The first ship the United States Navy converted for the sole purpose of medical treatment has an interesting history. In 1798, under the direction of Napoleon, a 60-foot ketch weighing approximately 45 tons was built and named Mastico. The Mastico was later captured by the British and was presented to the Bashaw of Tripoli as a gift of appeasement and friendship. During the protection of United States interests in the Mediterranean, LT Stephen Decatur interdicted and captured the vessel Mastico and its cargo of slave girls destined for the harem of the Sultan of Turkey. The Mastico was renamed Intrepid and later used during the infamous rescue of the frigate Philadelphia. It was then outfitted as a hospital ship in support of the USS Enterprise.
Over the last 200 years, the Navy has had 26 hospital ships, always evolving and adapting, these ships have saved thousands of lives. Hospital ships also have the honor of being the first Naval ships to allow females to serve onboard as nurses.
Ship Name Hull Number Years commissioned
USS Ben Morgan
USS Red Rover 1862-1865
USS Relief (II) 1908-1910
USS Relief (VI) AH-1 1920-1946
USS Solace (I) AH-2 1898-1921
USS Comfort (I) AH-3 1918-1921
USS Mercy (I) AH-4 1918-1934
USS Solace (II) AH-5 1941-1946
USS Comfort (II) AH-6 1944-1946
USS Hope AH-7 1944-1946
USS Mercy (II) AH-8 1944-1946
USS Bountiful AH-9 1944-1946
USS Samaritan AH-10 1944-1946
USS Refuge AH-11 1944-1946
USS Haven AH-12 1946-1957
USS Benevolence AH-13 1945-1947
USS Tranquility AH-14 1945-1946
USS Consolation AH-15 1945-1955
USS Repose AH-16 1945-1970
USS Sanctuary AH-17 1945-1971
USS Rescue AH-18 1945-1946
USNS Mercy (III) T-AH-19 1987-
USNS Comfort (III) T-AH-20 1987-
Currently Commissioned Hospital Ships
USNS Mercy (T-AH 19)
USNS Comfort (T-AH 20)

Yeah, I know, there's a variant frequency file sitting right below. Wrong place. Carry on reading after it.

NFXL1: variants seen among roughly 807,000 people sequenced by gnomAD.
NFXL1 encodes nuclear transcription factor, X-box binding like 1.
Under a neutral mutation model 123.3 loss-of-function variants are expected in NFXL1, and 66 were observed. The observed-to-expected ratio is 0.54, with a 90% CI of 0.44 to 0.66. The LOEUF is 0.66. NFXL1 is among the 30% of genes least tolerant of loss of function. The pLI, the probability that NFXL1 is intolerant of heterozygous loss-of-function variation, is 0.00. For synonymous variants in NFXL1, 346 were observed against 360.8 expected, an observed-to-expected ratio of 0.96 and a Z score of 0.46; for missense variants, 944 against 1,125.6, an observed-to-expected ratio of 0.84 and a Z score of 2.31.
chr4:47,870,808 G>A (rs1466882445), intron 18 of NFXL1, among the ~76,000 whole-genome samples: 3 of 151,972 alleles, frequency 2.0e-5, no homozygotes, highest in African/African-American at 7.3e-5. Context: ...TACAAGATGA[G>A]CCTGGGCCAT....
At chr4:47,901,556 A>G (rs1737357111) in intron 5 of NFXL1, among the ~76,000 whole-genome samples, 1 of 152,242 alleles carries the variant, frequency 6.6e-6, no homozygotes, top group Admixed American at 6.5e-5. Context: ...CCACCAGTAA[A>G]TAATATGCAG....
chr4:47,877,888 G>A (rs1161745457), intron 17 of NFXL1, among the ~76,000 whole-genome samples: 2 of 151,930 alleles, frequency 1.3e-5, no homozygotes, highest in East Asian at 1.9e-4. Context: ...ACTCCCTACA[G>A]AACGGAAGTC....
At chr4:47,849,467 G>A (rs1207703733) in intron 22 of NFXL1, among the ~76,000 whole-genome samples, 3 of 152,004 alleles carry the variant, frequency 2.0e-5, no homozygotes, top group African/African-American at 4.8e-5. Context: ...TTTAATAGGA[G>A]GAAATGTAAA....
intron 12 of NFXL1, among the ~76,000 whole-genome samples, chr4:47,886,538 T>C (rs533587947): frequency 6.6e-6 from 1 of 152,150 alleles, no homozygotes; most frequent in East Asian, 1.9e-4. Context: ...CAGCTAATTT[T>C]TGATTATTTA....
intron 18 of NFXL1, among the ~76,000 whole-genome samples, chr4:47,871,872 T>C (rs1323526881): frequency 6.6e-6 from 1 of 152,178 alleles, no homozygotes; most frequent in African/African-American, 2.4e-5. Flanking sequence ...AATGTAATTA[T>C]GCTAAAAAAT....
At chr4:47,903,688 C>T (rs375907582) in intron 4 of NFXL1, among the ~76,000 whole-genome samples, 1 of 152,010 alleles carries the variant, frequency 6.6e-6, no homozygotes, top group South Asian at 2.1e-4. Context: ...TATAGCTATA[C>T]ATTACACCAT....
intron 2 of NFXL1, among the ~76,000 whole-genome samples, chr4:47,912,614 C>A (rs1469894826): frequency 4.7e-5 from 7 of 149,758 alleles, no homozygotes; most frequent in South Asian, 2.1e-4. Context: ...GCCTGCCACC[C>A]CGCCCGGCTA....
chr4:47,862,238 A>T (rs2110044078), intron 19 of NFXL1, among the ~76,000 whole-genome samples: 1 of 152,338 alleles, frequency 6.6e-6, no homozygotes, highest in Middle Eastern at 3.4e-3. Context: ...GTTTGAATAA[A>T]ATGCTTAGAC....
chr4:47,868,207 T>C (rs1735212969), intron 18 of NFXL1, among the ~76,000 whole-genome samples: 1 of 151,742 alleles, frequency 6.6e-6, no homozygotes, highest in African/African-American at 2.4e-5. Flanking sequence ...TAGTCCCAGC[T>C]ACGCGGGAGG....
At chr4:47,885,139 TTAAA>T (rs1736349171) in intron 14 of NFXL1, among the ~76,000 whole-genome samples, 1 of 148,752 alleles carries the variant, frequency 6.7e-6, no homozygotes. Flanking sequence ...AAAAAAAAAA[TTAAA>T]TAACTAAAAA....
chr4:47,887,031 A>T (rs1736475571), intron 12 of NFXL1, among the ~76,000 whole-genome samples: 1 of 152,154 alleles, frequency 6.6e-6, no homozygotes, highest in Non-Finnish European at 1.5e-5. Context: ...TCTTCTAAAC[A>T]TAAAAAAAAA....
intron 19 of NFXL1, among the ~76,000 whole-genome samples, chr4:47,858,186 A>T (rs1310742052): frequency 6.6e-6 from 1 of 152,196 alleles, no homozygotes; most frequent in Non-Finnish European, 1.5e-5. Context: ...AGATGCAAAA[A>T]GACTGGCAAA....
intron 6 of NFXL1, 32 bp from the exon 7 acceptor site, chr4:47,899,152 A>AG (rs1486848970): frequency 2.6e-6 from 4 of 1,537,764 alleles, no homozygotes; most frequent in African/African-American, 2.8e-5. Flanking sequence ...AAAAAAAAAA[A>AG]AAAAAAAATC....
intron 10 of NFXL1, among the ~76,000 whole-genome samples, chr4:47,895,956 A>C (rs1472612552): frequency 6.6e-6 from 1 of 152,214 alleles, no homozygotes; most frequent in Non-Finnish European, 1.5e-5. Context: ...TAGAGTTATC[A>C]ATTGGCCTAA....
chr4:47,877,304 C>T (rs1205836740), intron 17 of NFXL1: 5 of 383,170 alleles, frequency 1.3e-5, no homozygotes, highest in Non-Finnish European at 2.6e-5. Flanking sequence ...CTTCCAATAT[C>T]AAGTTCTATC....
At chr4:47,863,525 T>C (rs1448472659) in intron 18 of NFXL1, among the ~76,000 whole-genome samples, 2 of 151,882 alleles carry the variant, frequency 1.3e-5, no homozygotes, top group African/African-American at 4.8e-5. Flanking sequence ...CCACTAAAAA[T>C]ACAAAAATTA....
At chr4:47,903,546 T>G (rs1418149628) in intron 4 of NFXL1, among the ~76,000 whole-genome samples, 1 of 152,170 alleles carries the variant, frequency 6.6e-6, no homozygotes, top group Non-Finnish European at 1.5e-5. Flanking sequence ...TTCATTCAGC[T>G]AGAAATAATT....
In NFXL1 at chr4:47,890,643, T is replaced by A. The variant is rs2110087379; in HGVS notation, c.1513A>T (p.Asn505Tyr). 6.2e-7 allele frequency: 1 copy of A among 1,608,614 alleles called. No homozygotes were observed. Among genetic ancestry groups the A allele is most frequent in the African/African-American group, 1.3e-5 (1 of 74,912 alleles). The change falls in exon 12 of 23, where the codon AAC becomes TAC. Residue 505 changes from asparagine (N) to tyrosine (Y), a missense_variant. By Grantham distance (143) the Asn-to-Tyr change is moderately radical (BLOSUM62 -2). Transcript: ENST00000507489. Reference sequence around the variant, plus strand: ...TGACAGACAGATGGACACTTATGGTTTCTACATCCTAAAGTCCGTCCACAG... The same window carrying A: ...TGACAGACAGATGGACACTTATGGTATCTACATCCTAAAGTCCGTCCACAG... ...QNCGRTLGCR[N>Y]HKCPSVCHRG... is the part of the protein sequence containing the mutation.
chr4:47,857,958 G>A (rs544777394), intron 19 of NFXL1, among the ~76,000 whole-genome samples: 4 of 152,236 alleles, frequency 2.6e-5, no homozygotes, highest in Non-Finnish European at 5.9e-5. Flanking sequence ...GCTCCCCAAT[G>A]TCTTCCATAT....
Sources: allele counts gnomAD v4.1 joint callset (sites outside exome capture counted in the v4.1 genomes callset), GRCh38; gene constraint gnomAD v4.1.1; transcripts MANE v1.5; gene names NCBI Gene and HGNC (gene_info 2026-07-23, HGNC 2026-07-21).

aka The Love Boat
Frequently called this because of the amorous relationships that have been known to develop between medical personnel at sea.
Overheard, from one corpsman to another, “Yea, I chose a specialty rating that would keep me at a hospital instead of out in the field. But, they put me on the COMFORT contingency platform. Man, I mean, I wanted to be safe; not on a big white boat with big red targets.”
General Characteristcs: Mercy Class
Conversion: National Steel and Shipbuilding Co., San Diego, Calif.
Power Plant: 2 GE turbines; two boilers; 24,500 hp (18.3MW); one shaft
Length: 894 feet (272.6 meters)
Beam: 105.6 feet (32.2 meters)
Displacement: 69,360 tons (70,473.10 metric tons) full load
Speed: 17.5 knots (20.13 mph)
Aircraft: Helicopter platform only
Crew: Civilian 18 ROS, 61 FOS
Military 58 ROS, 1,214 FOS - 956 Naval medical staff, and 258 Naval support staff
Currently, the United States Navy employs the use of two hospital ships. Operated by the Military Sealift Command, they were designed to provide emergency, on-site care for deployed US fighting forces.
These hospital ships are used for two reasons:
“First, they provide a mobile, flexible, rapidly responsive afloat medical capability to provide acute medical and surgical care in support of amphibious task forces, Marine Corps, Army, and Air Force elements, forward deployed Navy elements of the fleet and fleet activities located in areas where hostilities may be imminent.